Re: What /proc should contain [was: /proc/driver/microcode]

From: Theodore Y. Ts'o (tytso@MIT.EDU)
Date: Fri Feb 25 2000 - 18:12:57 EST

Ricky, a couple of comments.

First of all, just because /proc was originally just for processes
doesn't necessarily mean that putting other stuff there is *wrong*. You
seem to take it as self-evident that anything other than process data in
/proc is evil. Sorry, you can't do that; if you want to make that
argument, you actually have to justify it. Bloat is one way of
justifying it, but that has to be done comparing it to how big /proc
would be without such features, and comparing the cost of the features
(kernel size) with the benefits of that features.

Secondly, the ASCII versus Binary issue. This is very much a relgious
issue. I will note that the folks at Bell Labs (remember, the ones who
originally designed Unix?), have come to the conclusion that ASCII
parsing is the right thing to do, and so *everything* in Plan 9 uses
ascii commands to comomunicate with the kernel --- and this includes
setting things that we currently use setsockopt() for!

Why is this? Well, there is a school of thought --- which includes the
folks who originally invented Unix --- that says that the time it takes
to parse ASCII is well worth the benefits; especially since these days,
CPU's are so fast that the time it takes to parse ASCII is usually not
measureable, as long as it's not in a fast-running loop, which reading
configuration information or opening up TCP connections generally

What's the advantage of using ASCII files? Well, you've complained that
people have been careless about making "spelling" changes to files in
/proc. That may be; however, there is a lot of experience which shows
that making backwards compatible binary structures is even more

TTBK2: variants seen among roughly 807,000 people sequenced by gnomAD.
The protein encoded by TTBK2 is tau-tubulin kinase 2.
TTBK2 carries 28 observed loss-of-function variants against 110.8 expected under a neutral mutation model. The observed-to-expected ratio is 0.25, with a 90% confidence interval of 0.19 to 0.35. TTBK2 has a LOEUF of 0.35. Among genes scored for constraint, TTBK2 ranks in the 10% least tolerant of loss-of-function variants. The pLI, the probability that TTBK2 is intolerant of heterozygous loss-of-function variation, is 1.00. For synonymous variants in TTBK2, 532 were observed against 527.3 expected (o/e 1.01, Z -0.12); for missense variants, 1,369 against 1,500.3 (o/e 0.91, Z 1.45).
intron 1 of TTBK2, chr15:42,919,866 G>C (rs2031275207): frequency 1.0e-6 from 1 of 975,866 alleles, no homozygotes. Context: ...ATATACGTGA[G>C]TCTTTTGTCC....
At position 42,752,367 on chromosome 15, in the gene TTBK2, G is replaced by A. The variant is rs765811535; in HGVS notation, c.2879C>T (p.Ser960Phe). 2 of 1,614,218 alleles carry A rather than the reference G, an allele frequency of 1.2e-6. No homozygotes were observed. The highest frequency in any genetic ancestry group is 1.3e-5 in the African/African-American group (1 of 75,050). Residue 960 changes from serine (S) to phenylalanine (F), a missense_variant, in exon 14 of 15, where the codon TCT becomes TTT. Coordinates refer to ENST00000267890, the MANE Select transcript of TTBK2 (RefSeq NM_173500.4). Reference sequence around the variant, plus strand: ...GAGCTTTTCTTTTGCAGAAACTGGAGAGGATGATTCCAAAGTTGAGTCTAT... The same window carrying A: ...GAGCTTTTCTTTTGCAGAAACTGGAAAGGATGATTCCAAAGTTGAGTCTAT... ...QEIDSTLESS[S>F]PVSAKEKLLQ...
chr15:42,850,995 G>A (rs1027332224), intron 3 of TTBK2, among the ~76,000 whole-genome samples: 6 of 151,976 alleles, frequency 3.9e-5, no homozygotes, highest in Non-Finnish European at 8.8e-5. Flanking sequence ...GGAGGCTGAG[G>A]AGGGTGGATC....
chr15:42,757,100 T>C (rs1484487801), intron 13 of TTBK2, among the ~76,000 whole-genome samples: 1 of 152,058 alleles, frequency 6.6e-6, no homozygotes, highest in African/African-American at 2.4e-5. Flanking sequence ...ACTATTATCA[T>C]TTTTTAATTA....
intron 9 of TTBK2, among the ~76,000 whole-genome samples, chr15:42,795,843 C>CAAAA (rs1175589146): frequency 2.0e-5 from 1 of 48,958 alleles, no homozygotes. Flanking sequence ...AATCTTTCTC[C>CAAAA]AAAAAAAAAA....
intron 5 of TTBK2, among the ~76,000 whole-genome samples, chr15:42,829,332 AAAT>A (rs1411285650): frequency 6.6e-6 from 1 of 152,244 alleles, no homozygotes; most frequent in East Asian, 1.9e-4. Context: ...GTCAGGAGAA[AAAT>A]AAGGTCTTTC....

difficult! Consider how much pain we've needed to go through each
time we've needed to modify the stat structure. This is pain that
simply doesn't exist in Plan 9, since they use ASCII text for

One can argue that perhaps Plan 9 took things too much to extremese, but
the basic principal holds. ASCII is actually better for making
compatible extensions in the data that you can send back. Of course,
this assumes a competent programmer! But if you don't have a competent
programmer, things will go downhill even faster if you're using binary

That at least, is one school of thought. You don't have to believe.
But you might want to think a bit before you start putting down everyone
who might disagree with you on this issue. There is a lot of careful,
thoughtful experience who believes differently than you do.

                                                                - Ted

P.S. One solution to all of this is the sysctl tree. I know some
people don't like this either (including Linus), but one nice thing
about sysctl is that it gives you both ASCII and Binary methods of
accessing the data. It's also a slightly nicer interface to program to,
but one of the problems of both sysctl and the lower-level /proc
routines is that there's a bunch of additional work that can be done to
make them easier for the programmer to use, and to factor out more code
into higher-levle routines. But that's an implementation issue.

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